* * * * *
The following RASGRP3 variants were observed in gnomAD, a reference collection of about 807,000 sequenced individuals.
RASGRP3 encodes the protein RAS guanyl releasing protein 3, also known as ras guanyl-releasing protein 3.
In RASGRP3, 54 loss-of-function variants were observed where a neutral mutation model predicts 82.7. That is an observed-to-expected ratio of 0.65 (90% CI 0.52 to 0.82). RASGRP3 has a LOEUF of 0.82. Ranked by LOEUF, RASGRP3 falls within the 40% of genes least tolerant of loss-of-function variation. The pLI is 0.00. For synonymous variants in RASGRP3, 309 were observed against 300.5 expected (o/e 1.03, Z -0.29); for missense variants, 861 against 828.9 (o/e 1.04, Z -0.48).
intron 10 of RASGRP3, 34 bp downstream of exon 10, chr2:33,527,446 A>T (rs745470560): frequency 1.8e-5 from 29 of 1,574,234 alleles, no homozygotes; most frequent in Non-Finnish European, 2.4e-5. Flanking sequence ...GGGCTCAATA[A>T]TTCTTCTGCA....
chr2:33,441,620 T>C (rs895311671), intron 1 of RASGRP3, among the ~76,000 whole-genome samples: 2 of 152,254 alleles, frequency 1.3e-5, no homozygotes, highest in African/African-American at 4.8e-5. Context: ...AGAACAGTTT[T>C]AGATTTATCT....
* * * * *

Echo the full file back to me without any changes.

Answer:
The following RASGRP3 variants were observed in gnomAD, a reference collection of about 807,000 sequenced individuals.
RASGRP3 encodes the protein RAS guanyl releasing protein 3, also known as ras guanyl-releasing protein 3.
In RASGRP3, 54 loss-of-function variants were observed where a neutral mutation model predicts 82.7. That is an observed-to-expected ratio of 0.65 (90% CI 0.52 to 0.82). RASGRP3 has a LOEUF of 0.82. Ranked by LOEUF, RASGRP3 falls within the 40% of genes least tolerant of loss-of-function variation. The pLI is 0.00. For synonymous variants in RASGRP3, 309 were observed against 300.5 expected (o/e 1.03, Z -0.29); for missense variants, 861 against 828.9 (o/e 1.04, Z -0.48).
intron 10 of RASGRP3, 34 bp downstream of exon 10, chr2:33,527,446 A>T (rs745470560): frequency 1.8e-5 from 29 of 1,574,234 alleles, no homozygotes; most frequent in Non-Finnish European, 2.4e-5. Flanking sequence ...GGGCTCAATA[A>T]TTCTTCTGCA....
chr2:33,441,620 T>C (rs895311671), intron 1 of RASGRP3, among the ~76,000 whole-genome samples: 2 of 152,254 alleles, frequency 1.3e-5, no homozygotes, highest in African/African-American at 4.8e-5. Context: ...AGAACAGTTT[T>C]AGATTTATCT....